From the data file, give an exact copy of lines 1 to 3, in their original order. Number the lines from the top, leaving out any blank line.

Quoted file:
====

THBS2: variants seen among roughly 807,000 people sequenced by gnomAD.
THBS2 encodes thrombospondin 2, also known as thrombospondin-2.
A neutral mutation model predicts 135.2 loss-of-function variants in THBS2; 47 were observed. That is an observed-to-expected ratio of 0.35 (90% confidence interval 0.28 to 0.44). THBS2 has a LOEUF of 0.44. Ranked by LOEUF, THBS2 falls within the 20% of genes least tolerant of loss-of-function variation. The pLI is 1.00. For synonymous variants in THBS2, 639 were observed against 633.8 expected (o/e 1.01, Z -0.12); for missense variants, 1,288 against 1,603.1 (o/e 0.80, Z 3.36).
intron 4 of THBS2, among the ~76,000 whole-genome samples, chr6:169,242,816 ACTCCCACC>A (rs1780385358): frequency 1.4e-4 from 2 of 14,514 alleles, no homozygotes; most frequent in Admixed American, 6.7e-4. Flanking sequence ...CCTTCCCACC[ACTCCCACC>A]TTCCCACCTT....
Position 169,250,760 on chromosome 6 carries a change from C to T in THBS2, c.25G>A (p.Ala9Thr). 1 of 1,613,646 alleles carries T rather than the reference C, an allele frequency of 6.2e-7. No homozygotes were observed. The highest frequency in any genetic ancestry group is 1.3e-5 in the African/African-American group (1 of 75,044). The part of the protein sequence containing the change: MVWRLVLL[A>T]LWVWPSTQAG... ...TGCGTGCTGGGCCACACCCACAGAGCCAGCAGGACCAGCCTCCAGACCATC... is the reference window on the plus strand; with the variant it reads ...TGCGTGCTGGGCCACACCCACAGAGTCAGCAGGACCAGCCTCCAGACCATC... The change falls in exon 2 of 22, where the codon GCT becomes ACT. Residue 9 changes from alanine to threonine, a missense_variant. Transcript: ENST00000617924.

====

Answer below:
THBS2: variants seen among roughly 807,000 people sequenced by gnomAD.
THBS2 encodes thrombospondin 2, also known as thrombospondin-2.
A neutral mutation model predicts 135.2 loss-of-function variants in THBS2; 47 were observed. That is an observed-to-expected ratio of 0.35 (90% confidence interval 0.28 to 0.44). THBS2 has a LOEUF of 0.44. Ranked by LOEUF, THBS2 falls within the 20% of genes least tolerant of loss-of-function variation. The pLI is 1.00. For synonymous variants in THBS2, 639 were observed against 633.8 expected (o/e 1.01, Z -0.12); for missense variants, 1,288 against 1,603.1 (o/e 0.80, Z 3.36).